Friday, April 06, 2001

Gov. Taft passes on Chinese trade talk

By Cliff Peale
The Cincinnati Enquirer

        With a military air crew including one Ohioan still being detained by the Chinese government, Ohio Gov. Bob Taft skipped a speech Thursday by a prominent Hong Kong business leader.

        Mr. Taft decided Thursday morning not to attend the speech at the Omni Netherland Plaza downtown by Peter Woo, a University of Cincinnati graduate who is chairman of the Hong Kong Trade Development Council.

        Mr. Taft said he called Mr. Woo personally Thursday morning and told him that, under the circumstances, he could not attend.

        A similar event scheduled today in Columbus has been postponed.

        “I expressed my regrets. He said he understood,” Mr. Taft said. “It is not a protest. I just felt it would be inappropriate to be promoting economic trade with China without this being resolved.”

        China, Mr. Taft said, “represents an enormous potential market for Ohio goods. I hope this can be resolved soon.”

        Mr. Woo said the standoff could not derail Hong Kong's economy, and played down the crisis in comments to reporters after the speech. He said the detention of 24 Americans by China should be viewed separately from a widening commercial relationship.

        “This should be left to diplomats,” he said. “This is their job.”

        Mr. Taft said the crew in China includes Aviation Machinist 2nd Class Wendy Westbrook from Rock Creek in northeast Ohio.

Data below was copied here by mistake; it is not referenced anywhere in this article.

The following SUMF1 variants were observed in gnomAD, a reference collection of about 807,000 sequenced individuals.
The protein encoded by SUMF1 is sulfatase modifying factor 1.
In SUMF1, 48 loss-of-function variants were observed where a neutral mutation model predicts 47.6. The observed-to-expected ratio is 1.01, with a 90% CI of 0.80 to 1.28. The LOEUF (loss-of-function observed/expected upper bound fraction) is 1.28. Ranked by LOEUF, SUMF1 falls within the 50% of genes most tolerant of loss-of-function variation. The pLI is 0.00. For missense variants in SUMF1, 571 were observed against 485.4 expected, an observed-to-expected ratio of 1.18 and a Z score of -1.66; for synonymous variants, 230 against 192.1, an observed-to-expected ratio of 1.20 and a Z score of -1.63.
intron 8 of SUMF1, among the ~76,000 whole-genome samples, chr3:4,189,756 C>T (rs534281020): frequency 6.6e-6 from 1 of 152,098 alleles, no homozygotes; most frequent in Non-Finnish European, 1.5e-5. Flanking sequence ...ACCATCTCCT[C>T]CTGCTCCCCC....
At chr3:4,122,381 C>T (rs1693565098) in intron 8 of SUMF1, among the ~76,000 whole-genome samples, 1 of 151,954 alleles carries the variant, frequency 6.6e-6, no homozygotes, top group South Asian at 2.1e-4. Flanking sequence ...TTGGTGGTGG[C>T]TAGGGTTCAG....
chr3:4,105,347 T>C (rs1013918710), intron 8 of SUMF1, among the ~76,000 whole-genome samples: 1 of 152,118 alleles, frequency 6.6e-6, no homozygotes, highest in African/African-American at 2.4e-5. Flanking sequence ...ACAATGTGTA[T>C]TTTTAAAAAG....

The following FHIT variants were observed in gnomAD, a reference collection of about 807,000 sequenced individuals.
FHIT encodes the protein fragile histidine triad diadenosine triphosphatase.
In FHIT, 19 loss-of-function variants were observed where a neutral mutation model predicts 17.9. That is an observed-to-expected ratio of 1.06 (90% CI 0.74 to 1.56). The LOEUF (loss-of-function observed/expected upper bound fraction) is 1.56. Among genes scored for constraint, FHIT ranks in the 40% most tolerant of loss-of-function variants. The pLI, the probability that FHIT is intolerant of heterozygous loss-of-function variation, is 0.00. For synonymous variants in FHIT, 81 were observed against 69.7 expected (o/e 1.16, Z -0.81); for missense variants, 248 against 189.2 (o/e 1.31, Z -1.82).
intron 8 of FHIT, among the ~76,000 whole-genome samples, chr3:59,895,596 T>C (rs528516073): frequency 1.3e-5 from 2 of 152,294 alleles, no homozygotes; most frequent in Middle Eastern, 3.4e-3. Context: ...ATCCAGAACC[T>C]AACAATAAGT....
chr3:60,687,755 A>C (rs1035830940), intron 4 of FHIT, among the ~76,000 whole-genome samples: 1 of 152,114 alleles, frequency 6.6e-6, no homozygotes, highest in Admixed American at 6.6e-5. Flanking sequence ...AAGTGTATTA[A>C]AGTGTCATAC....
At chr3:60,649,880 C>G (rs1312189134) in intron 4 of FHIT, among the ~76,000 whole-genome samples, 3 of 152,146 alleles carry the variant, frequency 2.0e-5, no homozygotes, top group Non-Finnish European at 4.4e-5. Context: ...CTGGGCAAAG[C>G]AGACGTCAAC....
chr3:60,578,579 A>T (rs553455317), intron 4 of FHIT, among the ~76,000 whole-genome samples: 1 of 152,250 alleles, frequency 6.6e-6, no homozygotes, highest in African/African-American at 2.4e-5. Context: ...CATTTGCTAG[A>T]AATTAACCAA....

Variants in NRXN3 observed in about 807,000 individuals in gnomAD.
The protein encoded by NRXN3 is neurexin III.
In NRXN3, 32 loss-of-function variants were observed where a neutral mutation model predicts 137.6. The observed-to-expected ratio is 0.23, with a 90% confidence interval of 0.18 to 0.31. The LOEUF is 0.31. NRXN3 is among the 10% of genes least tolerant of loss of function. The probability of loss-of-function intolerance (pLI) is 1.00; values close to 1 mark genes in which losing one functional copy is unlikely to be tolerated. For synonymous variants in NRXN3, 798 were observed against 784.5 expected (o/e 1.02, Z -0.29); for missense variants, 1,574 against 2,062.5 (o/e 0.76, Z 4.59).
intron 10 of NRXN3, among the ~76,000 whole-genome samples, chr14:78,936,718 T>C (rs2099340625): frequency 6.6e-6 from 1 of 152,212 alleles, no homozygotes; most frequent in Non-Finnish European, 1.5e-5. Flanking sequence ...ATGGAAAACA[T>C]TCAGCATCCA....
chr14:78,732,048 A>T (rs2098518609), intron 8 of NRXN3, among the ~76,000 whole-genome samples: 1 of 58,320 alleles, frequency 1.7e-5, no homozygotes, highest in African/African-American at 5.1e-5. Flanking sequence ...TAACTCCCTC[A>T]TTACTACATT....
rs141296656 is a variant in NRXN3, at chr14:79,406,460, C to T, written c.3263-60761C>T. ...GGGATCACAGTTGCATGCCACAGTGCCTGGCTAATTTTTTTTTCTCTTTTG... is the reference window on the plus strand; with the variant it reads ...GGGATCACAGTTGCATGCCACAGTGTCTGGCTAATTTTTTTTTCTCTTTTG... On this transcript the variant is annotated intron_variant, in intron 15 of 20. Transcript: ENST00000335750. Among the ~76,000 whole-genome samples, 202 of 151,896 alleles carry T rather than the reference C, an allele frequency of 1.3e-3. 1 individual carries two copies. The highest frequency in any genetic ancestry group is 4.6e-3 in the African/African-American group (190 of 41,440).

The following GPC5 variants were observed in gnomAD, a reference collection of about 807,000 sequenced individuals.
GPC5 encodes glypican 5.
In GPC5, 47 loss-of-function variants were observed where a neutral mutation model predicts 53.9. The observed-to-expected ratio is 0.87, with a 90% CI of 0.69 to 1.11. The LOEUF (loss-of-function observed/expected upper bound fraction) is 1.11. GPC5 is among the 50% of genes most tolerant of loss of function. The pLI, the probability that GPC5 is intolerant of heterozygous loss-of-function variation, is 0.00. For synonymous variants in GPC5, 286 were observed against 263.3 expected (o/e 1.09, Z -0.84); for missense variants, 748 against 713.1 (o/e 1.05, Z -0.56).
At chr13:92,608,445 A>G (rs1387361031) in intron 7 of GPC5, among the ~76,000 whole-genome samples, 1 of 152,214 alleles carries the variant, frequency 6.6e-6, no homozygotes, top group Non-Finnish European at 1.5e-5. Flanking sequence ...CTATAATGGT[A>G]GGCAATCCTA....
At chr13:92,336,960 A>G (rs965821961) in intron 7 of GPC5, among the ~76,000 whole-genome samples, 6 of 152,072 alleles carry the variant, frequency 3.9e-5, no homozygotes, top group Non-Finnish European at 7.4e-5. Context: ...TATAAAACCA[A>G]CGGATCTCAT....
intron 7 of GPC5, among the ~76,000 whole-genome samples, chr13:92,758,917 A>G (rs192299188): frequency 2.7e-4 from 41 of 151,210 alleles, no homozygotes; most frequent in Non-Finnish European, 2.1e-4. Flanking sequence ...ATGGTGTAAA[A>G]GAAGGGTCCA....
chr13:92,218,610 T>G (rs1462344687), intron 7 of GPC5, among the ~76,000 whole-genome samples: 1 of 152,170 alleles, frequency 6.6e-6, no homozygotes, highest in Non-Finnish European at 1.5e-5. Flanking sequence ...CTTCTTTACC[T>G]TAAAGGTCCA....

Mr. Woo was in Cincinnati to pitch investments in Hong Kong to U.S. companies, and he did just that in a spirited speech to the Greater Cincinnati Chamber of Commerce and the Rotary Club.

        Exports from the United States to Hong Kong have more than quadrupled to about $89 million in the last seven years, and Mr. Woo said instant communications and the Internet have made it essential for small- and mid-sized companies to exploit the connection.

        “In the future, trade will be city-to-city, region-to-region and sector-to-sector,” he said. “In order to do that, you need platforms, you need bridges and you need networks.”

        One network is the World Trade Organization, which Hong Kong joined six years ago and which China is scheduled to join this year.

        Another is the trade development council Mr. Woo heads, a collection of large companies and trade officials. He earned a bachelor's in physics and mathematics from UC, and a master's from Columbia Business School.

        He took over leadership of the Hong Kong Trade Development Council last fall.

        Mr. Woo said with the U.S. economy slowing, companies have to diversify their sales beyond U.S. borders and take advantage of the growing Chinese market.

        In Hong Kong, officials have targeted white-collar jobs, while outsourcing many of the manufacturing and industrial jobs to China and other markets.

        That has allowed the former British colony to prosper with its modern legal system, free flow of information and record of enforcing intellectual property rights vigorously.

        The transition to Chinese sovereignty over Hong Kong has made little difference in Hong Kong's economic power, Mr. Woo said.

        “It's business as usual,” he said.

        After the luncheon speech at the Omni, Mr. Woo spoke to about 30 business leaders at the chamber offices and met with officials at Firstar Bank downtown.

        The Associated Press and Enquirer reporter Howard Wilkinson contributed to this report.


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